Letter from America: A livication to the late Alex Magaisa

At 46 years of age, Magaisa was a generation younger than me. As is our custom, he was deferential and he is the one who stretched out a hand of friendship, with the outmost respect.

BY KENNETH MUFUKA The passing away of Alex Magaisa, the late lecturer at law at Kent University in the United Kingdom has left a void which is difficult to fill.

I knew WaMagaisa (son of Magaisa) and communicated with him, sometimes in jest and at other times on profoundly serious issues affecting our country. Since the brilliant brothers, Taona Denhere and Stanley Mushava had beaten me to writing his funeral oration, I turned to my longtime advisor and friend Fabian Mabaya for wisdom.

“Surely, if you considered Magaisa your friend, you have a duty to witness at his funeral. You do that as a matter of record.” Mabaya advised me.

At 46 years of age, Magaisa was a generation younger than me. As is our custom, he was deferential and he is the one who stretched out a hand of friendship, with the outmost respect. The fact that there are so many witnesses who regard him as a friend, testifies to his superior quality. If he had enemies, it was not his intention to make enemies. Nevertheless, the enemies of truth would naturally gravitate towards those who harboured ill-will towards him.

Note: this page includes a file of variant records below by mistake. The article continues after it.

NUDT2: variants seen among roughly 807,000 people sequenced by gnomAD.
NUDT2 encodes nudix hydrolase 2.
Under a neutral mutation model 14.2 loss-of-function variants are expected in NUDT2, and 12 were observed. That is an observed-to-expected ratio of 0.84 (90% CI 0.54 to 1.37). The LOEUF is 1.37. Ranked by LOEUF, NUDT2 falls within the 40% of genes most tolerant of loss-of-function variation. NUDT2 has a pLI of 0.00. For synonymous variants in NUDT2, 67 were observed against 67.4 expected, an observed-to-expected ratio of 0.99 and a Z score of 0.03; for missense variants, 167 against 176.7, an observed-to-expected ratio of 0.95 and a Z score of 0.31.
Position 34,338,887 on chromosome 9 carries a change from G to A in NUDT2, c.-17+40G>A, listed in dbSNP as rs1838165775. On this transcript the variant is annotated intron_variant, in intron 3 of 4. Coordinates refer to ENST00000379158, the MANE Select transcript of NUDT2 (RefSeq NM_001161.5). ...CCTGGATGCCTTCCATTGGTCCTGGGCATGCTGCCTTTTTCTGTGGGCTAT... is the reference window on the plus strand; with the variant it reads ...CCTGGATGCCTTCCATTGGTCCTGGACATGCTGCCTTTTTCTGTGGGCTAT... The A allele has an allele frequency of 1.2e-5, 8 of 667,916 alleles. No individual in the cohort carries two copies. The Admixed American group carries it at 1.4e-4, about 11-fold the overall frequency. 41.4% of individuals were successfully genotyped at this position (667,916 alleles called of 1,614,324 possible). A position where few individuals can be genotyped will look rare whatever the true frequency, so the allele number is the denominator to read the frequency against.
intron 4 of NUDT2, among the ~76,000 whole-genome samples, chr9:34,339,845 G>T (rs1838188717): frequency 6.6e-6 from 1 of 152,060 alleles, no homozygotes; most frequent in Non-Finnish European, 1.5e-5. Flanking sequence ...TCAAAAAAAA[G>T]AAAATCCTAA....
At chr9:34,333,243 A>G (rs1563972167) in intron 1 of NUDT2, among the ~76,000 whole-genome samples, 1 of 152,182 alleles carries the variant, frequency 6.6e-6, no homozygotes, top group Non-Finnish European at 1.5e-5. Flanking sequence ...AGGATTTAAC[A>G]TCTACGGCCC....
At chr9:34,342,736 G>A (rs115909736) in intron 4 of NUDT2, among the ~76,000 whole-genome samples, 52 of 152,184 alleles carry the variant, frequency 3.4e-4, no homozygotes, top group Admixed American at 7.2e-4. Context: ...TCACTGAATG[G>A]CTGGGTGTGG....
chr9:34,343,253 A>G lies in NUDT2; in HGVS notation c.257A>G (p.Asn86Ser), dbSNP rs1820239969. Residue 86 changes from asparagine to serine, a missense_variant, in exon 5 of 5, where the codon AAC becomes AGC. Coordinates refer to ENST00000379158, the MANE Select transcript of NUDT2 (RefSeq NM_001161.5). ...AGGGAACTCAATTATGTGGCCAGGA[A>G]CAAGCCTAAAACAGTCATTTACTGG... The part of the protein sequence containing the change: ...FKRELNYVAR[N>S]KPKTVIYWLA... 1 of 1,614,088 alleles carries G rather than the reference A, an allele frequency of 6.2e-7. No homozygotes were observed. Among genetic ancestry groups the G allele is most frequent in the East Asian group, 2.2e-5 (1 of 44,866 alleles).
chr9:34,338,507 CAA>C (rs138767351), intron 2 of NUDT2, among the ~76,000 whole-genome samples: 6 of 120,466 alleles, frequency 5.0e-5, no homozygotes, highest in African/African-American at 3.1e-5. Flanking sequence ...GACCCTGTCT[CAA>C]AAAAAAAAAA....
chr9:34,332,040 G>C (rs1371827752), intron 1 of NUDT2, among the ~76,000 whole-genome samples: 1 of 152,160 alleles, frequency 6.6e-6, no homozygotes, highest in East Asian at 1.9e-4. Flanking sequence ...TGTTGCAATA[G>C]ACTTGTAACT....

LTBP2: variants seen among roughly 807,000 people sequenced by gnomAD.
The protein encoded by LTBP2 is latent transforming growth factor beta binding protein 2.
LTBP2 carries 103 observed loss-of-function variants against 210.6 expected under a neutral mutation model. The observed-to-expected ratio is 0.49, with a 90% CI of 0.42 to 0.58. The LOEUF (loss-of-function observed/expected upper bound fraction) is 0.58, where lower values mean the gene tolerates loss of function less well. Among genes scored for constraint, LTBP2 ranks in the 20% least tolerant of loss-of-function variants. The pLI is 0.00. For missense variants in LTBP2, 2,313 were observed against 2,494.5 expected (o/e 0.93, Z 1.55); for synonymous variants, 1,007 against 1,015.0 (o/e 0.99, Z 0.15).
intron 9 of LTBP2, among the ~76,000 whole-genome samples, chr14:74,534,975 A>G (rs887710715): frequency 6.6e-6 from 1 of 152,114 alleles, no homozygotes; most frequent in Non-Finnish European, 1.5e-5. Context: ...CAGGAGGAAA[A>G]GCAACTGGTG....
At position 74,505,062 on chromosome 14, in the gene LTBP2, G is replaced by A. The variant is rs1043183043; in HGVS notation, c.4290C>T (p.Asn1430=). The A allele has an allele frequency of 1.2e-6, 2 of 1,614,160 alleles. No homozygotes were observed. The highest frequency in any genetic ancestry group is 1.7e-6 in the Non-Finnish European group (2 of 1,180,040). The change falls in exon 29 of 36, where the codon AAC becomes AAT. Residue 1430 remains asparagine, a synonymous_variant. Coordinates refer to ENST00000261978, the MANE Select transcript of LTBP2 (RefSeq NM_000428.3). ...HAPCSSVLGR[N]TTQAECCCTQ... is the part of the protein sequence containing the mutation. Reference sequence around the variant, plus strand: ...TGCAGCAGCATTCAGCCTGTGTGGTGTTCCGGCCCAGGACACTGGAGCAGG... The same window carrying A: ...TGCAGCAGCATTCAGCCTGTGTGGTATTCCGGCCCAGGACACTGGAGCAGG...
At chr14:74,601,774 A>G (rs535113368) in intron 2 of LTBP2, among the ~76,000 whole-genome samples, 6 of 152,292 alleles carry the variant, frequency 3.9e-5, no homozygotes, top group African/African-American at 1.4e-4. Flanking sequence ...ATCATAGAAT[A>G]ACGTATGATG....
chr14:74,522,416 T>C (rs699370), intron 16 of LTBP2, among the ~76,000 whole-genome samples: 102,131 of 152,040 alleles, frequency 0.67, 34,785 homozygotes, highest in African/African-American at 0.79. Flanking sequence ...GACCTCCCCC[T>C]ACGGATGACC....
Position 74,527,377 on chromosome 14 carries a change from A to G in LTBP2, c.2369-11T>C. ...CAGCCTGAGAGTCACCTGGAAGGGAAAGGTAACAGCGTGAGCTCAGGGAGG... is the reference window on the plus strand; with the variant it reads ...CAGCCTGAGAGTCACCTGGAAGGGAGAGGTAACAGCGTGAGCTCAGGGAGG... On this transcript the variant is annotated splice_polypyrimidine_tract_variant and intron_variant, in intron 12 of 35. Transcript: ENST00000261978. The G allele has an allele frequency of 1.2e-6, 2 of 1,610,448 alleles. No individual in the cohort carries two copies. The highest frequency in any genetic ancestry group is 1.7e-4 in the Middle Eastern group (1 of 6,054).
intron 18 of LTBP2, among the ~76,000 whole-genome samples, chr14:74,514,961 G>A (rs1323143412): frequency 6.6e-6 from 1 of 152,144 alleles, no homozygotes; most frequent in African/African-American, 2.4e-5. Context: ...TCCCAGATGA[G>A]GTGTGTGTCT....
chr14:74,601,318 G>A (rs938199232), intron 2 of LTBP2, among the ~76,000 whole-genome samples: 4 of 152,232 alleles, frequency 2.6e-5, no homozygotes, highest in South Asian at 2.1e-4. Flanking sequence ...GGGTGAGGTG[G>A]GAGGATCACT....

During the government of national unity, he extended a special invitation to me from the US. He wanted, as was his habit, to collect as much information as was possible as to the way forward for Zimbabwe. In assessing the needs of a future Zimbabwe, he hoped that we could provide a guide for a brilliant future. Little did he know that in 2013, Zanu PF would regain the levers of powers and we would return to the status quo ante.

He was a good listener. I made two contributions. My observation was that the Zimbabwean government often put its foot in the mouth needlessly because it was ignorant of government practices, the way we do things, called modus operandi.